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Lawyer Nolan makes the case for poetry

By day, mild-mannered Tim Nolan is a lawyer, applying the steady words of the law to help his clients.

By day, mild-mannered Tim Nolan is a lawyer, applying the steady words of the law to help his clients. By night, however, he sets aside all of that — the title “Super Lawyer,” conferred by Minnesota Law and Politics, the lawyer jokes that whittle at a guy’s self-esteem, the steady paycheck that makes other things possible.

At night, Nolan is a poet. Later this week, he’ll find out if he wins his case to take home a Minnesota Book Award for his first poetry collection, “The Sound of It” (New Rivers Press).

“I hope I am a poet who happens to work as a lawyer, although some days it feels the other way,” he says. The two roles are not mutually exclusive. “What I’ve learned as a poet about brevity, how to tell a story, how to persuade a listener — all this helps in practicing law. At the same time, my training as a lawyer — learning to figure out what matters in a case, thinking about the desired outcome and working toward that, learning how to argue successfully — these have all helped me to write poems.”

Nolan’s poems are spare, thoughtful and artful yet unpretentious. He is a keen observer of the characters that people his world and steps quietly from one generation to another, watching people and recording history. He’ll watch his teenage children from an adult perspective, then look back at his own youth before taking a closer look at himself now. “I always felt too old to be at that party,” he writes, an old soul from the start, it seems. It follows, therefore that practical Nolan didn’t embrace the starving artist’s life.  

“I always wanted to be a poet, but I knew I had to make a living, and I didn’t particularly want to teach. My wife, Kate, and I were living in New York (we both grew up in Minneapolis). We wanted to have kids and couldn’t imagine how we would do that in New York.  So, we came back here, and I went to law school,” he explains. He gave up poetry insider jobs with the Paris Review and Columbia: A Magazine of Poetry and Prose, and settled into the legal world. But at the same time, he taught poetry to schoolchildren, started the Diamond Lake Poets group 10 years ago, and kept writing and submitting poems to literary magazines, and found homes for poems with Ploughshares, The Nation, Gettysburg Review and others.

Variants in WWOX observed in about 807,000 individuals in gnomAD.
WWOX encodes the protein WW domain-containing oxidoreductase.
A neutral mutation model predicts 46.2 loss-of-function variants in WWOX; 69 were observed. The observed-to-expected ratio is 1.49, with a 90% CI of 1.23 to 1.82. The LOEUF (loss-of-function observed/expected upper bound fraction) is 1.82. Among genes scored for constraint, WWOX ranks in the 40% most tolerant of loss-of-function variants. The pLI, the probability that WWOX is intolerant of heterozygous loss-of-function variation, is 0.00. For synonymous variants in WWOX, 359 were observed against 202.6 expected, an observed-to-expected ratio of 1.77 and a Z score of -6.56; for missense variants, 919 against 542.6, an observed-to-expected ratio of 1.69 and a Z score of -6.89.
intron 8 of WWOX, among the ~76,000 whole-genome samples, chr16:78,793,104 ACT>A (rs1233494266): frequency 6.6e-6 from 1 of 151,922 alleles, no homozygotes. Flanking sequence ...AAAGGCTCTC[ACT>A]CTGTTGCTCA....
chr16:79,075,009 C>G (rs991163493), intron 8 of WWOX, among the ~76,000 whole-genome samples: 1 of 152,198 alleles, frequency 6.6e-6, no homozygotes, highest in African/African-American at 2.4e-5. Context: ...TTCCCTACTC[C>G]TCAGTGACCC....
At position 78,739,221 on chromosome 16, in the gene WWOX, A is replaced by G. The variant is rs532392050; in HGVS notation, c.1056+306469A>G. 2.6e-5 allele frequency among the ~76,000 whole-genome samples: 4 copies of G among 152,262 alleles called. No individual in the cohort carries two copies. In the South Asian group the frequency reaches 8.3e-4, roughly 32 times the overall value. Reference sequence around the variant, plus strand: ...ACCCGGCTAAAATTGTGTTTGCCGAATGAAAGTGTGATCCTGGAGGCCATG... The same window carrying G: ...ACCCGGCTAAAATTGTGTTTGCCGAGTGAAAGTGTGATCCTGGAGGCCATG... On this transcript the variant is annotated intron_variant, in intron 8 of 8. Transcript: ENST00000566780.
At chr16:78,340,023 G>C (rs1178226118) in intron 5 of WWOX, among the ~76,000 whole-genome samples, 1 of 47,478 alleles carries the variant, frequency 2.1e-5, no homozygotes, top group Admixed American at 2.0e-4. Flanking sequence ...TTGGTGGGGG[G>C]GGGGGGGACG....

“Over the years, I kept sending poems out because I felt like I had something to say in a way no one else was saying it. Eventually, I became almost indifferent about both rejections and acceptances, and I came to realize that I had no real control over the decision,” says Nolan. “It meant a lot to me when a long poem in sections called ‘Beyond the Sign of the Fish’ was accepted in its entirety for an issue of Ploughshares edited by Rita Dove. That acceptance sustained me for a long time. Then, getting my poems read by Garrison Keillor on “The Writer’s Almanac” was almost like being introduced to a narcotic.”

Nolan says he was thrilled to be named a finalist for the Minnesota Book Award. “When you write and try to publish poems, you become so inured to rejection that when you are recognized for your work — it’s so unusual — and it’s a great feeling.”

Tim Nolan will be among nominees appearing Saturday at the 21st annual Minnesota Book Awards at the Crowne Plaza Hotel in St. Paul.